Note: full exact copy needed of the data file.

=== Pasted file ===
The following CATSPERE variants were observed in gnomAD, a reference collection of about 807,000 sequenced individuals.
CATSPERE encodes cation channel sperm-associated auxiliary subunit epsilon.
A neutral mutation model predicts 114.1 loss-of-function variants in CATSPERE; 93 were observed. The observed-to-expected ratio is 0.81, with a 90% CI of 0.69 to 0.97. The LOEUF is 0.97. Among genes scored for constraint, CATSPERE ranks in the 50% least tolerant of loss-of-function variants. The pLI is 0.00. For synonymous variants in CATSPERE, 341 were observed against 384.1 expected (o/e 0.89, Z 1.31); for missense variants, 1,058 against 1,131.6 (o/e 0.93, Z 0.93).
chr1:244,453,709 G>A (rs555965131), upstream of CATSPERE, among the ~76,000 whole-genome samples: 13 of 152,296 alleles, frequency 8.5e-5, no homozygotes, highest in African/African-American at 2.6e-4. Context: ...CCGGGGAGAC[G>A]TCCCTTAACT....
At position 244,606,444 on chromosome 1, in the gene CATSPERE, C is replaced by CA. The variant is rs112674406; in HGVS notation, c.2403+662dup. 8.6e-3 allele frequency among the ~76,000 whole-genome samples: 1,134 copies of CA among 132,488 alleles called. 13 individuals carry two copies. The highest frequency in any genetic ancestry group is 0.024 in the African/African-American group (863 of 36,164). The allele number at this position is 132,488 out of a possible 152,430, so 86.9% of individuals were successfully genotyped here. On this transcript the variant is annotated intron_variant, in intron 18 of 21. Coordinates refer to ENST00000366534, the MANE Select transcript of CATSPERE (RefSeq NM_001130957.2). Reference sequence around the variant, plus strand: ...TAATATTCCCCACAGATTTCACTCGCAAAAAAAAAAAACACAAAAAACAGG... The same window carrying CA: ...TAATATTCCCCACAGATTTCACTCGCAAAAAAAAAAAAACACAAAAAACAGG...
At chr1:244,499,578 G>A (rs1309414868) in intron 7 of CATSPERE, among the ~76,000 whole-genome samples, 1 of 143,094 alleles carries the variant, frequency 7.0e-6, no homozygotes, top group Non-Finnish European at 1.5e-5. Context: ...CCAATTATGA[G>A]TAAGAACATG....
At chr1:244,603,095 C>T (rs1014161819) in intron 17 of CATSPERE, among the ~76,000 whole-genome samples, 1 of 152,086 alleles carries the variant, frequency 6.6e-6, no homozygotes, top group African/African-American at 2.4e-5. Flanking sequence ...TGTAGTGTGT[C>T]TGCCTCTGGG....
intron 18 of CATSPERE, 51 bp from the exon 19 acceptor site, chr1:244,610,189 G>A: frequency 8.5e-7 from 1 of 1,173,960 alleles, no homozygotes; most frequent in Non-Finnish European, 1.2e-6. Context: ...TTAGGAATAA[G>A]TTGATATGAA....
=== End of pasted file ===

The following CATSPERE variants were observed in gnomAD, a reference collection of about 807,000 sequenced individuals.
CATSPERE encodes cation channel sperm-associated auxiliary subunit epsilon.
A neutral mutation model predicts 114.1 loss-of-function variants in CATSPERE; 93 were observed. The observed-to-expected ratio is 0.81, with a 90% CI of 0.69 to 0.97. The LOEUF is 0.97. Among genes scored for constraint, CATSPERE ranks in the 50% least tolerant of loss-of-function variants. The pLI is 0.00. For synonymous variants in CATSPERE, 341 were observed against 384.1 expected (o/e 0.89, Z 1.31); for missense variants, 1,058 against 1,131.6 (o/e 0.93, Z 0.93).
chr1:244,453,709 G>A (rs555965131), upstream of CATSPERE, among the ~76,000 whole-genome samples: 13 of 152,296 alleles, frequency 8.5e-5, no homozygotes, highest in African/African-American at 2.6e-4. Context: ...CCGGGGAGAC[G>A]TCCCTTAACT....
At position 244,606,444 on chromosome 1, in the gene CATSPERE, C is replaced by CA. The variant is rs112674406; in HGVS notation, c.2403+662dup. 8.6e-3 allele frequency among the ~76,000 whole-genome samples: 1,134 copies of CA among 132,488 alleles called. 13 individuals carry two copies. The highest frequency in any genetic ancestry group is 0.024 in the African/African-American group (863 of 36,164). The allele number at this position is 132,488 out of a possible 152,430, so 86.9% of individuals were successfully genotyped here. On this transcript the variant is annotated intron_variant, in intron 18 of 21. Coordinates refer to ENST00000366534, the MANE Select transcript of CATSPERE (RefSeq NM_001130957.2). Reference sequence around the variant, plus strand: ...TAATATTCCCCACAGATTTCACTCGCAAAAAAAAAAAACACAAAAAACAGG... The same window carrying CA: ...TAATATTCCCCACAGATTTCACTCGCAAAAAAAAAAAAACACAAAAAACAGG...
At chr1:244,499,578 G>A (rs1309414868) in intron 7 of CATSPERE, among the ~76,000 whole-genome samples, 1 of 143,094 alleles carries the variant, frequency 7.0e-6, no homozygotes, top group Non-Finnish European at 1.5e-5. Context: ...CCAATTATGA[G>A]TAAGAACATG....
At chr1:244,603,095 C>T (rs1014161819) in intron 17 of CATSPERE, among the ~76,000 whole-genome samples, 1 of 152,086 alleles carries the variant, frequency 6.6e-6, no homozygotes, top group African/African-American at 2.4e-5. Flanking sequence ...TGTAGTGTGT[C>T]TGCCTCTGGG....
intron 18 of CATSPERE, 51 bp from the exon 19 acceptor site, chr1:244,610,189 G>A: frequency 8.5e-7 from 1 of 1,173,960 alleles, no homozygotes; most frequent in Non-Finnish European, 1.2e-6. Context: ...TTAGGAATAA[G>A]TTGATATGAA....